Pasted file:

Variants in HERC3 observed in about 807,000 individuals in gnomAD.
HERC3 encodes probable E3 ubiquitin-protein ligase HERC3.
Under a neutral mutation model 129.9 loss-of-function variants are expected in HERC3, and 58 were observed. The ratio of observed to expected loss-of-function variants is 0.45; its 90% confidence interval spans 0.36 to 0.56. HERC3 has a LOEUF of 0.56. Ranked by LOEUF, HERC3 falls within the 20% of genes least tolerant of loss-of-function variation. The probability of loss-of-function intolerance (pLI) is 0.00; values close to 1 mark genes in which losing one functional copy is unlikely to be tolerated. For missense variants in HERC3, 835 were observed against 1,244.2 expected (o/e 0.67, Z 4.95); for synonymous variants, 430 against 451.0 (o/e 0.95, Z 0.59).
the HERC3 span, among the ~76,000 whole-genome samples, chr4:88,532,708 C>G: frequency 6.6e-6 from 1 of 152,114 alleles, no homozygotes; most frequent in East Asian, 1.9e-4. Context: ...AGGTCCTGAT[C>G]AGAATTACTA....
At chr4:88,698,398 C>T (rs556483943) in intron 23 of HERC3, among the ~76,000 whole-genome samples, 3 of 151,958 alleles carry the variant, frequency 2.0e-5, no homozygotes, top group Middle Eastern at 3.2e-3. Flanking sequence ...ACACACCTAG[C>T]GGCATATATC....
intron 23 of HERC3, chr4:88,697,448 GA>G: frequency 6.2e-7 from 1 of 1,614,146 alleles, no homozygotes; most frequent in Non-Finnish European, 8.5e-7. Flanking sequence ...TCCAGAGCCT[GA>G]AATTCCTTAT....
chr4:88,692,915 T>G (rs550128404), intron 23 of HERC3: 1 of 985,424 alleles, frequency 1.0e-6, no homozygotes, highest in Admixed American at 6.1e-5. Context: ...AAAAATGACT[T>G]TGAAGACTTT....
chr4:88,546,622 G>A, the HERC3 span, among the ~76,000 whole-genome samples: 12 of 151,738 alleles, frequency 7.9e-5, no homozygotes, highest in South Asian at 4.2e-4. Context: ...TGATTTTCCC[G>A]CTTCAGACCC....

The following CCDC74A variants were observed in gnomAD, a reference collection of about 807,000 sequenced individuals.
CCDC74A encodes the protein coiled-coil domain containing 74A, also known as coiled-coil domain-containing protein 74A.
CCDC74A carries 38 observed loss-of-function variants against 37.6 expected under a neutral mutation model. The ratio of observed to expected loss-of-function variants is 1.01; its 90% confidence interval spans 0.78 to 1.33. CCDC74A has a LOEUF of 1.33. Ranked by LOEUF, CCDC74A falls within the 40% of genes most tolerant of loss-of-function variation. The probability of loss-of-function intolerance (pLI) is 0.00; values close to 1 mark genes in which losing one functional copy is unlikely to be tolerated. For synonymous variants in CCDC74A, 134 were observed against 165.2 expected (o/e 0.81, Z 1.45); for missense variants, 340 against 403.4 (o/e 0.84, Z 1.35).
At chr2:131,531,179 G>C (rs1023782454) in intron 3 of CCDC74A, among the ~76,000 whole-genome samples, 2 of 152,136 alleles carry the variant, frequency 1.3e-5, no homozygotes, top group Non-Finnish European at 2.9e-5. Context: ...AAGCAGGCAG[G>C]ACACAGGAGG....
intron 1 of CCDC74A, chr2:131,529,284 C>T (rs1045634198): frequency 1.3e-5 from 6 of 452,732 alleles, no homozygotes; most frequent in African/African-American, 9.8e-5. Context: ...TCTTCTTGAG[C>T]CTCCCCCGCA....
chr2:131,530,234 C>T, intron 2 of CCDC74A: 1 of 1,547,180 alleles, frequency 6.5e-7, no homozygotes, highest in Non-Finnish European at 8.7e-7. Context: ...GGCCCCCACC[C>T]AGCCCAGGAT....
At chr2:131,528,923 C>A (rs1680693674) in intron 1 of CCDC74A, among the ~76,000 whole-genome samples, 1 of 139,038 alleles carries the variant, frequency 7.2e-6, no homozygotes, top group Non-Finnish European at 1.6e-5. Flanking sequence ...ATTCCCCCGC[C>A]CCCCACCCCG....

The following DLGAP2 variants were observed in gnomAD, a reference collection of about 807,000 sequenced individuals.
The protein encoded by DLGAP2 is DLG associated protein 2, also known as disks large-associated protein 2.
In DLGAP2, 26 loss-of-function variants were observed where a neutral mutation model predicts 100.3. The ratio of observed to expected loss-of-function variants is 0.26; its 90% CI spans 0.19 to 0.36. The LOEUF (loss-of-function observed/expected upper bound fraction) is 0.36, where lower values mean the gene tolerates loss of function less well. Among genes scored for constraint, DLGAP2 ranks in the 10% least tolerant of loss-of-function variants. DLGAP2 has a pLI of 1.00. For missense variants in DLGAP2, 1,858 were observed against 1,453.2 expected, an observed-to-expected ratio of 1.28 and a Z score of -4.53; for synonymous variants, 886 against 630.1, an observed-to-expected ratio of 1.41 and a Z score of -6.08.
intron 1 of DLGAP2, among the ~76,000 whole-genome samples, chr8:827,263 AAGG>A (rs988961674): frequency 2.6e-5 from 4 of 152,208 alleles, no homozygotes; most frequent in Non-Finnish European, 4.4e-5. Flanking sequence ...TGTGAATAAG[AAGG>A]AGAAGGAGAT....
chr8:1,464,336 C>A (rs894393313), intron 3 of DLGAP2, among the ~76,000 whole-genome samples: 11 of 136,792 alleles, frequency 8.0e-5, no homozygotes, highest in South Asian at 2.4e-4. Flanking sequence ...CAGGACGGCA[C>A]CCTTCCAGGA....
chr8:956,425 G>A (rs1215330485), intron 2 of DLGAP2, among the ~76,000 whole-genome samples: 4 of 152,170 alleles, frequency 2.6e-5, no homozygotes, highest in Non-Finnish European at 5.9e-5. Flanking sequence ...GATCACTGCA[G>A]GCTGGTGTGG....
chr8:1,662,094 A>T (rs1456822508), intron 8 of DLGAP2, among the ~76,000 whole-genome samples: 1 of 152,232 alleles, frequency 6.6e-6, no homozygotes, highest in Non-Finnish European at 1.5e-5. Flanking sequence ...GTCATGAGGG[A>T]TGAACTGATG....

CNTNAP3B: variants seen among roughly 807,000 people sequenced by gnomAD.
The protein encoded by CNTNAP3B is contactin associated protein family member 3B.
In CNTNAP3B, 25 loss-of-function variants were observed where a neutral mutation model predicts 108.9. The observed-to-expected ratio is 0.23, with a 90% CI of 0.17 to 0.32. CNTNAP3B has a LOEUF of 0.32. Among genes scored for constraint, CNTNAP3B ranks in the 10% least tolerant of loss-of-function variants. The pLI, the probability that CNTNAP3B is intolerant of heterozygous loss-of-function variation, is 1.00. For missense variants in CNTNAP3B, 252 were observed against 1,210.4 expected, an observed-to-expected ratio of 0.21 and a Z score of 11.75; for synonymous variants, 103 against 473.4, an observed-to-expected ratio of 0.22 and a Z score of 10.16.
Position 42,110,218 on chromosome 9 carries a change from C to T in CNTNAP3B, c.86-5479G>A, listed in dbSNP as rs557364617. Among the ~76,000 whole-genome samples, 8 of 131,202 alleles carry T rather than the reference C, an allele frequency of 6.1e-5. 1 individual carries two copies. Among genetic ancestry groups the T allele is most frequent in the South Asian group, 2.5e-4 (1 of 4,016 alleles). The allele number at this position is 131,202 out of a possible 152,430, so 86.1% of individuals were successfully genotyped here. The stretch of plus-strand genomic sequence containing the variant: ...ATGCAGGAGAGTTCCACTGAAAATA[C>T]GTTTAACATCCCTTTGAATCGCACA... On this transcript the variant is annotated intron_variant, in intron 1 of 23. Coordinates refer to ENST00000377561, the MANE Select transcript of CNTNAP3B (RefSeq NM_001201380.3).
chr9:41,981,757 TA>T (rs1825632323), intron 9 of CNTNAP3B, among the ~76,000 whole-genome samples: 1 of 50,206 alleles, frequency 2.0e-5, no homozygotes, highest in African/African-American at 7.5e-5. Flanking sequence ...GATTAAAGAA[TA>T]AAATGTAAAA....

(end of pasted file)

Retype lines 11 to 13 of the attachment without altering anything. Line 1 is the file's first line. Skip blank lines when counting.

CCDC74A carries 38 observed loss-of-function variants against 37.6 expected under a neutral mutation model. The ratio of observed to expected loss-of-function variants is 1.01; its 90% confidence interval spans 0.78 to 1.33. CCDC74A has a LOEUF of 1.33. Ranked by LOEUF, CCDC74A falls within the 40% of genes most tolerant of loss-of-function variation. The probability of loss-of-function intolerance (pLI) is 0.00; values close to 1 mark genes in which losing one functional copy is unlikely to be tolerated. For synonymous variants in CCDC74A, 134 were observed against 165.2 expected (o/e 0.81, Z 1.45); for missense variants, 340 against 403.4 (o/e 0.84, Z 1.35).
At chr2:131,531,179 G>C (rs1023782454) in intron 3 of CCDC74A, among the ~76,000 whole-genome samples, 2 of 152,136 alleles carry the variant, frequency 1.3e-5, no homozygotes, top group Non-Finnish European at 2.9e-5. Context: ...AAGCAGGCAG[G>C]ACACAGGAGG....
intron 1 of CCDC74A, chr2:131,529,284 C>T (rs1045634198): frequency 1.3e-5 from 6 of 452,732 alleles, no homozygotes; most frequent in African/African-American, 9.8e-5. Context: ...TCTTCTTGAG[C>T]CTCCCCCGCA....